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Indigenous Peoples and Domestic Violence

Another reason to recognize Indigenous Peoples’ Day and Native American Heritage Month: Native and Indigenous people are far more likely to experience violence. According to the Association on American Indian Affairs: American Indians and Alaska Natives of all genders are 2.5 times as likely to experience violent crimes and at least 2 times more likely to experience rape or sexual assault crimes compared to all other races.

The statistics are even more shocking for Indigenous women: More than 4 in 5 American Indian and Alaska Native women have experienced violence in their lifetime and homicide is the third leading cause of death among American Indian and Alaska Native women between 10-24 years of age.

The violence against the members of this community is heart-breaking, and the statistics only show part of the story. Not only are Native and Indigenous women more likely to experience violence, but they also face an increased number of barriers in receiving help. Some examples of these barriers include: a historical distrust of law enforcement; small, tight-knit communities that make it difficult to maintain confidentiality; geographically remote homes; language barriers; and service providers who may not be culturally responsive.

An important step that you can take to honor Indigenous people is to learn more! Active History has a list of 150 Acts of Reconciliation, ways to honor and reconcile the past. While targeted to people in Canada, many of the acts are things we can all do, like learn the land acknowledgement in your region. Use this upcoming Indigenous Peoples’ Day as an opportunity to educate yourself and begin to reconcile with the past, both on an individual and societal level.


Resources for Native and Indigenous People Experiencing Violence

There are some important resources to help Native and Indigenous people experiencing violence. We have included a couple below and hope you will share these in your communities.

StrongHearts Native Helpline is a hotline specifically for Native and Indigenous people. The website also has articles about prevention and the intersection of domestic violence and indigenous identities.

The National Indigenous Women’s Resource Center provides national leadership to end violence “by uplifting the collective voices of grassroots advocates and offering culturally grounded resources, technical assistance and training, and policy development to strengthen tribal sovereignty.” You can also find out more information about tribal coalitions against domestic violence here:


Bookmarked: Indigenous Strength

This month’s "Bookmarked" theme is Indigenous Strength. Please take some time this month to learn more about the violence against Indigenous and Native People and how we can work together to end it. Indigenous strength and resiliency are incredibly powerful; the chosen readings highlight our theme and begin a conversation about Indigenous Strength.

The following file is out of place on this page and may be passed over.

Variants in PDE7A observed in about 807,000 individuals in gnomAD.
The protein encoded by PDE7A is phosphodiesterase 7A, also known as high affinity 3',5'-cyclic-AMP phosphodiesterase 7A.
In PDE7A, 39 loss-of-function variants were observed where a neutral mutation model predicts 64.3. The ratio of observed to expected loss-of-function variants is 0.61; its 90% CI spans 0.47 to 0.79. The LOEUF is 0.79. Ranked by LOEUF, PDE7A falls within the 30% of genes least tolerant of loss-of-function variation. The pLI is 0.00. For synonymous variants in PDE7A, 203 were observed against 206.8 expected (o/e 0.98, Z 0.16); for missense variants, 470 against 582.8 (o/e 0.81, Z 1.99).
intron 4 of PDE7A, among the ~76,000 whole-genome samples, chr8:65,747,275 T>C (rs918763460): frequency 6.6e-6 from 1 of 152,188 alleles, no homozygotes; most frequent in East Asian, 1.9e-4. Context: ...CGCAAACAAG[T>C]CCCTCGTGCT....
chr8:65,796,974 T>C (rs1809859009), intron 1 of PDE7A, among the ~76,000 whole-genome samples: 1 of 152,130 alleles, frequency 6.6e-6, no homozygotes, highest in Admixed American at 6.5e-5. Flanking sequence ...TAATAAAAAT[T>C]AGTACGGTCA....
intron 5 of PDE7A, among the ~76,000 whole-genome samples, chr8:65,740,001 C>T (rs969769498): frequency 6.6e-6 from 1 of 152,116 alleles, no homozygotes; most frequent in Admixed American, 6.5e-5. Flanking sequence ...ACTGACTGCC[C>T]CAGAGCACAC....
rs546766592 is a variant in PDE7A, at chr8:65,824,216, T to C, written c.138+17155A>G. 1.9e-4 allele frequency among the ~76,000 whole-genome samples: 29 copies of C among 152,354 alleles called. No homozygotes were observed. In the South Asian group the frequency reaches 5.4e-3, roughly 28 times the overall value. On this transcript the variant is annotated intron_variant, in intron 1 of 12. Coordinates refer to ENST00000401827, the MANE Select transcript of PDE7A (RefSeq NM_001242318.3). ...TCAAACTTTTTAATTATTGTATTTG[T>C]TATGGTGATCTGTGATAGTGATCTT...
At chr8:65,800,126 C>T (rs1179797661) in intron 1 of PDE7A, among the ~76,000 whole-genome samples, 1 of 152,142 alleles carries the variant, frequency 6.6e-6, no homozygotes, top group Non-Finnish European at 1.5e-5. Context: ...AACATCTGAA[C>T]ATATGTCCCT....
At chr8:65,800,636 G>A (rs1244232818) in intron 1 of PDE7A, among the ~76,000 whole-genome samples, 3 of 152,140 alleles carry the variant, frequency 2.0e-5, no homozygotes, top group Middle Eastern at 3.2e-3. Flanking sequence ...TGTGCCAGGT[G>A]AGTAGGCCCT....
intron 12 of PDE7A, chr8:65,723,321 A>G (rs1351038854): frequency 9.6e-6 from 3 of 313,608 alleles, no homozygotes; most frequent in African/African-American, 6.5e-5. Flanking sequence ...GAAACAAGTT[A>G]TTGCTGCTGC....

This magazine was created by the National Indigenous Women’s Resource Center (NIWRC), and it's mission is to reflect "the grassroots strategy that by strengthening the sovereignty of Indian nations to hold perpetrators accountable, the safety of Native women will be restored.” Subscribe to get legislative, tribal, and international updates about sovereignty and safety.

By Katherena Vermette

“A Métis poet from Treaty 1 territory, Vermette wrote her first novel: The Break. It’s a heartbreaking and powerfully told story about a young Indigenous woman who is brutally attacked. Through the eyes of 10 narrators connected to the young woman, a deeper story is told about a family, a police officer, a young woman out of detention, and others in this wintry Winnipeg neighbourhood. Navigating racism, inter-generational trauma, and violence. The Break is a difficult read. But it’s also an important story about healing, love, and family.”

– Rudayna Bahubeshi, Program Manager at Canadian Women’s Foundation

Edited by Lisa Charleyboy and Mary Beth Leatherdale

From the Publisher: “Whether looking back to a troubled past or welcoming a hopeful future, the powerful voices of Indigenous women across North America resound in this book, #Not Your Princess presents an eclectic collection of poems, essays, interviews, and art that combine to express the experience of being a Native woman. Stories of abuse, humiliation, and stereotyping are countered by the voices of passionate women making themselves heard and demanding change. Sometimes angry, often reflective, but always strong, the women in this book will give readers insight into the lives of women who, for so long, have been virtually invisible."

This article from Stronghearts highlights the relationship between colonization and domestic violence. It considers the legacy of violence and intergenerational trauma to explain the disproportionate violence that Native people experience.

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